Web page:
Whilst drug use often begins as a recreational pastime and an individual makes a conscious choice to use drugs, the addictive properties of drugs quickly turn into a craving and constant need to remain high with the possible belief that they cannot have a good time without using them.
After continuous use, the body becomes less and less stimulated by the drug; the individual will then begin to use higher doses to obtain the same high. The compulsion to use becomes uncontrollable and can then start to interfere with an individual’s everyday life, affecting work, home life, relationships and health.
Most people do not understand how or why a person becomes addicted to drugs. They mistakenly view drug abusers as morally weak or they cannot understand why they cannot just stop taking them if it’s becoming a problem. The truth is that drug addiction is a complex disease; where at some point, whist using drugs, changes occur in the brain that causes the drug abuser to become drug dependent.
Despite harmful consequences to the drug abuser, once the change in the brain occurs, they find they are unable to stop or resist using even if they want to.
Drugs work by stimulating various parts of the body, including the brain producing short term effects like, increased heart rate, high blood pressure, dizziness, tremors mood changes and paranoia. In high doses, the risk for far more dangerous effects increase like, potential heart attacks, strokes, respiratory failure and coma.
In the long term, drug abuse may lead to mental health and physical effects including paranoia, psychosis, immune deficiencies and organ damage.
If the body receives a level of drugs that it cannot tolerate, overdose will occur. Overdoses can occur in a single use of a drug, not only on someone who continuously uses. Common signs of a drug overdose are, losing consciousness, fever or sweating, breathing problems, abnormal pulse and change in skin colour.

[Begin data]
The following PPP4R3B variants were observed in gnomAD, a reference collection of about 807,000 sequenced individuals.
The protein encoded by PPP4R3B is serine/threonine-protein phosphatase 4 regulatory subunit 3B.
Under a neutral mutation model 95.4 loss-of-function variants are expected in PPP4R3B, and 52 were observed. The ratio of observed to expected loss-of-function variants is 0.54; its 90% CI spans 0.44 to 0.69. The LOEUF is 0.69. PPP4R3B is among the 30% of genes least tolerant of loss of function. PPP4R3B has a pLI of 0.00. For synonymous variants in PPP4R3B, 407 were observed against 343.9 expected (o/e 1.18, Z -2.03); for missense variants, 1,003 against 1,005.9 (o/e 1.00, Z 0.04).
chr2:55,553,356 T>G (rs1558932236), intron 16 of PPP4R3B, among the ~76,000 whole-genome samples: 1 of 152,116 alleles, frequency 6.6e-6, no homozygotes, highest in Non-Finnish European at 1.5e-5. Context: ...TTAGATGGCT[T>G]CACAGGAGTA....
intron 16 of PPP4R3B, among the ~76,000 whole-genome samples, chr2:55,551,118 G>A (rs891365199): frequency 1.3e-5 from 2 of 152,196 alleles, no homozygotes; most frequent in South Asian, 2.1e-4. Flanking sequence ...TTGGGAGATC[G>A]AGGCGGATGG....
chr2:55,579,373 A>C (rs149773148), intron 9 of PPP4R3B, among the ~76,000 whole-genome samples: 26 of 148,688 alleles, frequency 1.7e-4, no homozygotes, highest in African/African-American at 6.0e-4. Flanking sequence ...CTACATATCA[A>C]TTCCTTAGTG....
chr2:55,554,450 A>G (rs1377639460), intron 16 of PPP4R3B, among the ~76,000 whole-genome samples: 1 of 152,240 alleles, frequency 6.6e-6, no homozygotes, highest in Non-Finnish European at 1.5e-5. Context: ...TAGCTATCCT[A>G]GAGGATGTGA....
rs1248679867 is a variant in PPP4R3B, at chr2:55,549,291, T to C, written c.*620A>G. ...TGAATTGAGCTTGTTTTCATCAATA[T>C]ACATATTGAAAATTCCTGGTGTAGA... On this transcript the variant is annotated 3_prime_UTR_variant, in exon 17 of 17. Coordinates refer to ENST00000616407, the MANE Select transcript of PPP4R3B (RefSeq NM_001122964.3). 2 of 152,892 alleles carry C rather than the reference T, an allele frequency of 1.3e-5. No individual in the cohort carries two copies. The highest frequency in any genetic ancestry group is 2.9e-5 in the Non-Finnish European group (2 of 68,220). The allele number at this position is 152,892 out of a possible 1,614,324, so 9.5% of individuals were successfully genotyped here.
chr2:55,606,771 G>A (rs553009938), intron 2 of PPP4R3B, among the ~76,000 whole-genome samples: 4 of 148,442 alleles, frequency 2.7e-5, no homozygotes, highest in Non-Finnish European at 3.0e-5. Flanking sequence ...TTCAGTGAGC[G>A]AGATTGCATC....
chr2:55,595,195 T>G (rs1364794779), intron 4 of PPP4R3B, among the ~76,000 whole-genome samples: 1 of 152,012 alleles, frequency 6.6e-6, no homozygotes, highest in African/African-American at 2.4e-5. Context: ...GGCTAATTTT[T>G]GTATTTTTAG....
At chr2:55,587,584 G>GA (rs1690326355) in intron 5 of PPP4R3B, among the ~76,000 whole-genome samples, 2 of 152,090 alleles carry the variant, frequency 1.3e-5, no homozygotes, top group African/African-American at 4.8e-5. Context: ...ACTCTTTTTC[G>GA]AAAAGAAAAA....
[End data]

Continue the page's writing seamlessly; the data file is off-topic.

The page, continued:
Virtually any substances that can result in a euphoric high are open for abuse. Most people are aware of legal substances, like alcohol or illegal drugs like marijuana and cocaine, but there are also many less know substances such as inhalants like household cleaners.
The following are types of drugs that are commonly abused and/or result in dependence:
With substance abuse there are prospective psychological problems including depression, anxiety, bipolar disorder, schizophrenia as well as other personality disorders.
Questions you can ask yourself to see if you have a drug addiction or drug problem?
If you find you answer YES to four or more of these questions, you may have an drug dependence.
Cortijo Care are here to help.
Treatment at Cortijo Care is set up to help anyone suffering from an drug dependency; Our 24 Hour Acute programme is there to help those suffering from withdrawals, giving a medically controlled detox programme; Our Rehabilitation programme then treats the psychological issues surrounding the addiction, enabling clients to learn how to cope with life without the need to use drugs, getting to the root of the whys and wherefores of the drug dependence and learning how to handle emotions and anxieties in a safe place. Please call us for a no obligation chat about how we can help you or your family member or friend.
Please call us on (34) 952 780 181 for a no obligation chat about how we can help you, your family member or a loved one or complete the contact form and we will get back to you as soon as possible.